Friday, August 13, 2010

Bill’s Review - Sprint HTC EVO - The World’s First 4G Phone

Yesterday I finally had an opportunity to dump a HTC Windows Mobile device for a Sprint HTC EVO 4G Android. It has been 24 hours since I first turned it on and it has been field tested today while at work. I have to say, I can see why the Android-based phones will soon overtake the market beating out the iPhone 4. There’s only one minor thing that I have about Sprint which I will get into later in the post. It has nothing to do with the phone itself, just service.

So far, my experiences have been great and I found setting up email through an Exchange account to be a breeze, syncing all contacts, calendar appointments and mail quicker than my old Windows Mobile phone. I have already been able to add apps that help me do my job quicker and more efficiently by using the App Store.

The speed of the phone with Android 2.2 is very pleasing. I have not managed to lock up the phone as of yet while running multiple apps. I am also impressed at how slim the phone is and the size of the screen. It is visibly larger than the iPhone 4 and the screen to me seems equally vibrant and bright. The power button is a little annoying to me. It is very small and I find it hard to turn the phone on at times, but then again I have large fingers and the button is small. Every other button is easily accessible and responsive. I do recommend that if you have larger hands, go with a larger phone, the on-screen keyboard is easier to type on.

Now to my one gripe about the Spring HTC EVO 4G. The phone seems to be slightly crippled. The phone features a app called “Sprint Mobile Hot Spot” which is a feature I was VERY excited about using on the job. The feature is available on other carriers newer android phones and it enables the phone to act as a small wireless access point, connecting your laptop to the Internet without tethering via your own portable wireless network. This feature is what caused Steve Jobs iPhone 4 launch to have some problems while demonstrating it’s features. (I would like to note that the phone itself was not the problem, but the fact that there were a lot of overlapping Wi-Fi hot spots created by these types of phones.) This feature has lots of handy uses, but then again, there are so many wireless networks out there now that one would be hard pressed to not find a hot spot to use.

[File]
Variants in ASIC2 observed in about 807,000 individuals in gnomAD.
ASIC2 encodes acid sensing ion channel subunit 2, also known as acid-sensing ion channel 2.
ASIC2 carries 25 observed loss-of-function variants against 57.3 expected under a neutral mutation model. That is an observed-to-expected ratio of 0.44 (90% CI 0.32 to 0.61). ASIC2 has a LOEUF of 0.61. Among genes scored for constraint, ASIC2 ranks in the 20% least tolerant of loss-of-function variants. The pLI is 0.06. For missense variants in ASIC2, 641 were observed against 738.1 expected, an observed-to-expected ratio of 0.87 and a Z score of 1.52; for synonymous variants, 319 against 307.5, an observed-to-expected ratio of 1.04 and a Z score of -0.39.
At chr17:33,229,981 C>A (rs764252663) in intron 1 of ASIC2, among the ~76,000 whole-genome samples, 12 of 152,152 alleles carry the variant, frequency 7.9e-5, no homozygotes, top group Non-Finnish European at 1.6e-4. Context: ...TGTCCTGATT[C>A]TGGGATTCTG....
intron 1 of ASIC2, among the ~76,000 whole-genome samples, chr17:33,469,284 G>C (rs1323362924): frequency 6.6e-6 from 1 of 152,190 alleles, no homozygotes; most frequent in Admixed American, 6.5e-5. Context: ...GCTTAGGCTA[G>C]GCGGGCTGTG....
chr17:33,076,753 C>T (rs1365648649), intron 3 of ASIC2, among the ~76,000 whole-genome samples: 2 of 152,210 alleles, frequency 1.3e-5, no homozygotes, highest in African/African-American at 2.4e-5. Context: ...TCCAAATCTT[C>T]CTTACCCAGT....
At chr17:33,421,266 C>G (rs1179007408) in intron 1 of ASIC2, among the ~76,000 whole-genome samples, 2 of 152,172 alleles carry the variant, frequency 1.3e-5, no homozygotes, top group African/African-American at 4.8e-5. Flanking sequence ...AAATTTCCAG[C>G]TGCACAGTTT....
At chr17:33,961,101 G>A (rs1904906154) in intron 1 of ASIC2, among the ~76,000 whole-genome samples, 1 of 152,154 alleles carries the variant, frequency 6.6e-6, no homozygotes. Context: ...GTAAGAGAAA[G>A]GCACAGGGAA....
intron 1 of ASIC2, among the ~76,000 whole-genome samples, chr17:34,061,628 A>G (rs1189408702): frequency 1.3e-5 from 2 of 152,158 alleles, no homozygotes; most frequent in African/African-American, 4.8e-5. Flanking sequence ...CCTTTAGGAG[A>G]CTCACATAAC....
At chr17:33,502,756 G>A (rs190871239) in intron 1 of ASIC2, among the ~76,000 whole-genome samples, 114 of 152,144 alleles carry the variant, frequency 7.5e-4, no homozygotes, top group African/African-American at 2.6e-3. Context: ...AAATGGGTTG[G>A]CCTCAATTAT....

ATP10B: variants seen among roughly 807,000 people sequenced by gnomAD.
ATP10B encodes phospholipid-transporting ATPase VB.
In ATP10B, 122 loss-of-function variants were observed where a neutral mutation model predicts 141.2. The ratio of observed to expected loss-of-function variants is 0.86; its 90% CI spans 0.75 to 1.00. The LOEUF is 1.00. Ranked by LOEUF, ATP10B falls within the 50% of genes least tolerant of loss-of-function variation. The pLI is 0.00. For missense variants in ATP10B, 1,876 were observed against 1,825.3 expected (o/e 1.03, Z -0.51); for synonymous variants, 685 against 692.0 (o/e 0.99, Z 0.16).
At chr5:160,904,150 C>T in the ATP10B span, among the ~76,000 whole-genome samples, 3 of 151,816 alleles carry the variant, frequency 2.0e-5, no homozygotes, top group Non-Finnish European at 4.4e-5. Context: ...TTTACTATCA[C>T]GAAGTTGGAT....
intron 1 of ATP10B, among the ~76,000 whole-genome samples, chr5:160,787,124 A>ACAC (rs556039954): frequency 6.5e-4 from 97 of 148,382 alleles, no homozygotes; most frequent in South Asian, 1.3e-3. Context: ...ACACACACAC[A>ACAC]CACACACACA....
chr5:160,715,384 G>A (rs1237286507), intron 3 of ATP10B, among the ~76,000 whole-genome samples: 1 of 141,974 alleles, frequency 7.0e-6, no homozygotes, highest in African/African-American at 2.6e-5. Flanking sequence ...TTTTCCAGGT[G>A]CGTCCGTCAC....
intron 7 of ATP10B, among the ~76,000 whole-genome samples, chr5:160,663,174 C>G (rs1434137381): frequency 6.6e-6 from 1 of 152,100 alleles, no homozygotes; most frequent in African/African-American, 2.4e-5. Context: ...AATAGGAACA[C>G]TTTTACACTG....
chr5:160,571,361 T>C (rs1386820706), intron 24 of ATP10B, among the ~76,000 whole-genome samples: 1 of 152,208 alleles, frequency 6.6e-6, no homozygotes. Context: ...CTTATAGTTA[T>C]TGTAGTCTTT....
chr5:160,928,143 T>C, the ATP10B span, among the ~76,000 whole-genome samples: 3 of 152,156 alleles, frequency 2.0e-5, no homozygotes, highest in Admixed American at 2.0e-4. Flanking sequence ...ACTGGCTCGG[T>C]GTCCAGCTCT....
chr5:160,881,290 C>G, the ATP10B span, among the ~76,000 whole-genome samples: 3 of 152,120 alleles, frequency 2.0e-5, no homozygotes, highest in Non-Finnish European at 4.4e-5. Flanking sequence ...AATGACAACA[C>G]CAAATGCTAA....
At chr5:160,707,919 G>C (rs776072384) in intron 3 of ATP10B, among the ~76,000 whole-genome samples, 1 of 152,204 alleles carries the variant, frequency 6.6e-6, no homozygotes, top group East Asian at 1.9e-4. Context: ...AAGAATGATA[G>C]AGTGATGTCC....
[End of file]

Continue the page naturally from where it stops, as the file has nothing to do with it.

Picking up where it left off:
It seems that Sprint has taken upon themselves to disable this feature on the phone along with the built in USB tethering feature. From what I have read from other sources, Sprint is requiring those who want to use this feature pay an addional $29.99 per month on top of their current data plan. This is silly and in my mind a little shady of them to do this. If a person is already paying for a data plan, the feature(s) should be available. I am in contact with a vendor who may be able to explain this to me and give me a definite answer. I will post what I find.